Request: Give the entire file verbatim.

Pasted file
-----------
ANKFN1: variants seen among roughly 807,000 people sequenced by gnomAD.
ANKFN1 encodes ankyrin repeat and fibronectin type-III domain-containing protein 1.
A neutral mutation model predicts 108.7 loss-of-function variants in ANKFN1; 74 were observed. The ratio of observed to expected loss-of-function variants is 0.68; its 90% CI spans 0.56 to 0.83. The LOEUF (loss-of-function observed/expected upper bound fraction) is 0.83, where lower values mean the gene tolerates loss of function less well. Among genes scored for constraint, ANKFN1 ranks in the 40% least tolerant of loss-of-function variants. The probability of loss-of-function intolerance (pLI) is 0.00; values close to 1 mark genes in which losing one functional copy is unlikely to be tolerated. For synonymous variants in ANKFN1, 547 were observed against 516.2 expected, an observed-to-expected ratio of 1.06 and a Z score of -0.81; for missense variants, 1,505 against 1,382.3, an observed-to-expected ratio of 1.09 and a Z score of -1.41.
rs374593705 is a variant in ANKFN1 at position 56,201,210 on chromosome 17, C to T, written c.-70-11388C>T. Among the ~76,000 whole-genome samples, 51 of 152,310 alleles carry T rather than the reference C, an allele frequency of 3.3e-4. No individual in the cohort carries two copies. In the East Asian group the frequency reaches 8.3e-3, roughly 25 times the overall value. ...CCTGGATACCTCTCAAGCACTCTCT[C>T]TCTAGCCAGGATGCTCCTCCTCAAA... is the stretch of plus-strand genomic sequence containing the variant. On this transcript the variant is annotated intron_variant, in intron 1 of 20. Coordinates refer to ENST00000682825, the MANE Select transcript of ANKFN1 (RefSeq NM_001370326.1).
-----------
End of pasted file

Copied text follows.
ANKFN1: variants seen among roughly 807,000 people sequenced by gnomAD.
ANKFN1 encodes ankyrin repeat and fibronectin type-III domain-containing protein 1.
A neutral mutation model predicts 108.7 loss-of-function variants in ANKFN1; 74 were observed. The ratio of observed to expected loss-of-function variants is 0.68; its 90% CI spans 0.56 to 0.83. The LOEUF (loss-of-function observed/expected upper bound fraction) is 0.83, where lower values mean the gene tolerates loss of function less well. Among genes scored for constraint, ANKFN1 ranks in the 40% least tolerant of loss-of-function variants. The probability of loss-of-function intolerance (pLI) is 0.00; values close to 1 mark genes in which losing one functional copy is unlikely to be tolerated. For synonymous variants in ANKFN1, 547 were observed against 516.2 expected, an observed-to-expected ratio of 1.06 and a Z score of -0.81; for missense variants, 1,505 against 1,382.3, an observed-to-expected ratio of 1.09 and a Z score of -1.41.
rs374593705 is a variant in ANKFN1 at position 56,201,210 on chromosome 17, C to T, written c.-70-11388C>T. Among the ~76,000 whole-genome samples, 51 of 152,310 alleles carry T rather than the reference C, an allele frequency of 3.3e-4. No individual in the cohort carries two copies. In the East Asian group the frequency reaches 8.3e-3, roughly 25 times the overall value. ...CCTGGATACCTCTCAAGCACTCTCT[C>T]TCTAGCCAGGATGCTCCTCCTCAAA... is the stretch of plus-strand genomic sequence containing the variant. On this transcript the variant is annotated intron_variant, in intron 1 of 20. Coordinates refer to ENST00000682825, the MANE Select transcript of ANKFN1 (RefSeq NM_001370326.1).